Prairie dogs matter. Not only to the short-grass prairie ecosystem of Douglas County but to wildlife lovers as well. So a Prairie Dog Conservation …
This item is available in full to subscribers.
If you're a print subscriber, but do not yet have an online account, click here to create one.
Click here to see your options for becoming a subscriber.
If you made a voluntary contribution in 2022-2023 of $50 or more, but do not yet have an online account, click here to create one at no additional charge. VIP Digital Access includes access to all websites and online content.
Prairie dogs matter.
Not only to the short-grass prairie ecosystem of Douglas County
but to wildlife lovers as well. So a Prairie Dog Conservation
Policy Committee has been formed by the board of county
Five citizen members of the committee have been appointed, with
the primary goal of developing a conservation policy for the use of
the Douglas County Open Space and Parks Division.
The goal is to recognize the ecological significance of the
black-tailed prairie dog, while addressing the concerns of private
landowners and residents.
“People are concerned about things in their backyard,” said
committee member Mary Taylor Young. As a wildlife author and
biologist, Young will bring a knowledge base to the table, not just
an emotional one.
“Prairie dogs are known as a keystone species to the ecosystem,”
She added that if Coloradans want to have hawks, owls, and the
richness of the experience of the west, they need them to maintain
the fabric of wildlife.
“You don’t have the cool animals without maybe the uncool
animals,” Young said.
She said her approach to this issue is to look at the big
“I look at prairie dogs as part of the whole natural community
of Douglas County,” Young said. “Balanced with human needs, we have
to be careful not to let one of these things dominate.” She
mentioned that there were two land owners who want prairie dogs
dealt with soon.
Another committee member, Judy Enderle, associated with Prairie
Preservation Alliance, would like the public to become aware of the
benefits of prairie dogs to Colorado’s heritage.
“Wildlife viewing is a reason people come to Colorado to live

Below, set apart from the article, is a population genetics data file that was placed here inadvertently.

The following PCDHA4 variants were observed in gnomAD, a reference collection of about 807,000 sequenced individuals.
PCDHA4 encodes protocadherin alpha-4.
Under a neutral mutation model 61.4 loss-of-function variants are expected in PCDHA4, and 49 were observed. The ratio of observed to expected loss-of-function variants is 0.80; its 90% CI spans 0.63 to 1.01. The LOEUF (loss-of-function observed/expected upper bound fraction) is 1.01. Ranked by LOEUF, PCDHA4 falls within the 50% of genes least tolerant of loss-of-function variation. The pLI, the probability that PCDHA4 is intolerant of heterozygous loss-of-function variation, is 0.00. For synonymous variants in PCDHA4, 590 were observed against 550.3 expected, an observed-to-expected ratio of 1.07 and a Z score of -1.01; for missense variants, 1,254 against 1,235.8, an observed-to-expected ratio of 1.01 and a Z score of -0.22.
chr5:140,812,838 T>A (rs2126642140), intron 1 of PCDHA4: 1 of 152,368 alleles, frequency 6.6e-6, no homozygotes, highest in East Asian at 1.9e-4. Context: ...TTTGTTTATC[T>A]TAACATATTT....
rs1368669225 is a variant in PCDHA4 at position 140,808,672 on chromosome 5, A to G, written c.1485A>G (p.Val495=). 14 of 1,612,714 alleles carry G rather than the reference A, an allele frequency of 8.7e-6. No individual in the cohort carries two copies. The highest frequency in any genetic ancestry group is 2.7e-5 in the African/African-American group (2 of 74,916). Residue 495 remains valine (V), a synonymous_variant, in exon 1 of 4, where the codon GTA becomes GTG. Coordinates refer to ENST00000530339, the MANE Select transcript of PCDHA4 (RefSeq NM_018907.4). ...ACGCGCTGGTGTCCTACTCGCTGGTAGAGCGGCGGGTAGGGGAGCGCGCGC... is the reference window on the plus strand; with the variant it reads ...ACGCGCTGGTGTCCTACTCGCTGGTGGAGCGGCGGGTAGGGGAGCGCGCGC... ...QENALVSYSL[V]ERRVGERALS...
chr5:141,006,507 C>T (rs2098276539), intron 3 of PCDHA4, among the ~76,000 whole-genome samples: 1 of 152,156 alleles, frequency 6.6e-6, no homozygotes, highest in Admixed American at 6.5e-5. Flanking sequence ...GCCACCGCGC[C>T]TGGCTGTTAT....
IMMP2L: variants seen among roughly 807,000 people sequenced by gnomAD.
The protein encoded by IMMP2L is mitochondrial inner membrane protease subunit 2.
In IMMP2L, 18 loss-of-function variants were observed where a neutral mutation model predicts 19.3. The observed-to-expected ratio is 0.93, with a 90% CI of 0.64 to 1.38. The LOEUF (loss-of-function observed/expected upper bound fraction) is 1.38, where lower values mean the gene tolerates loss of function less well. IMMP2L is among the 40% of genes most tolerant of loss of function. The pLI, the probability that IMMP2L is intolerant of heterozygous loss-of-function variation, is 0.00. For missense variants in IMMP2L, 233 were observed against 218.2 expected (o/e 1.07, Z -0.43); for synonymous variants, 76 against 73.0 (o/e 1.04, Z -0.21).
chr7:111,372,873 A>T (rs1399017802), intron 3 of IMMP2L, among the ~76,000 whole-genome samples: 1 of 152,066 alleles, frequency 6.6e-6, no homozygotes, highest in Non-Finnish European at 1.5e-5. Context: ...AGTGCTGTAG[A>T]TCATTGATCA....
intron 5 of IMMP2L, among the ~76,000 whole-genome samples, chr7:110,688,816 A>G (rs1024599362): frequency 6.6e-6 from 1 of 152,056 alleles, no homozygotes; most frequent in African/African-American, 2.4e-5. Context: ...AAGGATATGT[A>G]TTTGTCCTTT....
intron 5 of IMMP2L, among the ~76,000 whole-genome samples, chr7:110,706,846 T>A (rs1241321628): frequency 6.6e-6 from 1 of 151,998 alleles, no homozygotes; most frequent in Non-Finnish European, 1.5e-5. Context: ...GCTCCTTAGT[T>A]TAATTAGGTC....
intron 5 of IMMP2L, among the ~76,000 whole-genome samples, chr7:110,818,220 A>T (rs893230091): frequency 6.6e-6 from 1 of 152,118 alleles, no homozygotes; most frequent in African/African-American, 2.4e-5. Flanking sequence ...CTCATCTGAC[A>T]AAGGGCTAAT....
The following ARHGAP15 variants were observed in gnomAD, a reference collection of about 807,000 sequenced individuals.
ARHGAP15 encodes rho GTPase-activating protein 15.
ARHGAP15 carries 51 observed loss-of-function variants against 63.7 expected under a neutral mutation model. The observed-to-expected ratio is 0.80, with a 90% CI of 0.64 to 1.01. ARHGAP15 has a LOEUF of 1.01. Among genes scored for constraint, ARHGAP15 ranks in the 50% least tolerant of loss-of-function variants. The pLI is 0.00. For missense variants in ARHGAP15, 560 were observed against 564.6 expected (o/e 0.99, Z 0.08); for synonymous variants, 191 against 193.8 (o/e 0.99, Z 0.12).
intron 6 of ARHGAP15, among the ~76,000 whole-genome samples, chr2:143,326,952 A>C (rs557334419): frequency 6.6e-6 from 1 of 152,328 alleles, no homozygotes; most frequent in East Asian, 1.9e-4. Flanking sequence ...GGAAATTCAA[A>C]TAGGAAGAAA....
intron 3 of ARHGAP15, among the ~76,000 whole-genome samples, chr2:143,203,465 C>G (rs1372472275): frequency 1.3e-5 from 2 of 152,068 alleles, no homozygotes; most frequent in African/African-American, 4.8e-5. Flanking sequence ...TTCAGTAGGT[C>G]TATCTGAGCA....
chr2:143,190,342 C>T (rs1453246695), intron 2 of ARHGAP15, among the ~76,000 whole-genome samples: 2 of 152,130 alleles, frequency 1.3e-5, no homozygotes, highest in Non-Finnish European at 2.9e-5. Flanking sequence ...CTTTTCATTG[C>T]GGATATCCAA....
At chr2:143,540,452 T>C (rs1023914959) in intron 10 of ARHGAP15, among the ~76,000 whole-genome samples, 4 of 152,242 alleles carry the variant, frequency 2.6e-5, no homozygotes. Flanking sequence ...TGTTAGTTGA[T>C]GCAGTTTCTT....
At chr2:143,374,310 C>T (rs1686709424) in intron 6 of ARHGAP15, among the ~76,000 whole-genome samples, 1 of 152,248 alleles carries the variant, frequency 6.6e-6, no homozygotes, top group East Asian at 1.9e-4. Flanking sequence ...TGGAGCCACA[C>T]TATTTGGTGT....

and play,” Enderle said.
She added that forcing the prairie dogs to live in unsuitable
areas creates conflict and often destroys the landscape.
“Without a prey base, predators like coyotes and foxes will look
to humans for food, creating more conflict,” Enderle said. “Without
prairie dogs, at least nine other obligate species are doomed.”
Barbara Bickham, former president of Carriage Club Homeowners
Association believes her role in the committee is multifaceted.
“I believe it is the goal of everyone on the committee to come
up with methods to correct areas where prairie dog activity has
negatively impacted natural vegetation and balance,” Bickham said.
“In addition to maintaining the natural place prairie dogs have in
The Douglas County Citizens for Wildlife representative, Joanne
Concha, is also a member of this newly formed committee.
The Citizens for Wildlife is made up of Douglas County residents
concerned with saving wildlife. The focus of the group is to save
the black tailed prairie dog.
According to their Web site, the prairie dog burrows irrigate
the soil and the cropping actions stimulate a faster-growing, more
nutritious, diverse assemblage of plants bordering their towns.
The final member of the committee, Cameron Mee, is a rancher
adjacent to open space who owns Castlewood Equestrian Center in
“We will develop a recommended policy for managing prairie dogs,
and will submit it to the board for review,” Mee said. “A policy
needs to be in place to address the situation if the population on
public lands expands to the extent they move on to private
The committee has a deadline to finalize its recommendations to
the board of approximately four months.
Where the dogs live
Cheryl Matthews, director of the county’s open space and natural
resources lists eight locations of prairie dog colonies:
Carriage Club Estates subdivision, including Bluffs Regional
Hidden Mesa Open Space
Hungry Horse Open Space
Cherry Creek Highlands subdivision
Parker North subdivision
Glendale Farm Open Space
Red Mesa Open Space
Douglas Heights Open Space
Other items that may interest you
We have noticed you are using an ad blocking plugin in your browser.
The revenue we receive from our advertisers helps make this site possible. We request you whitelist our site.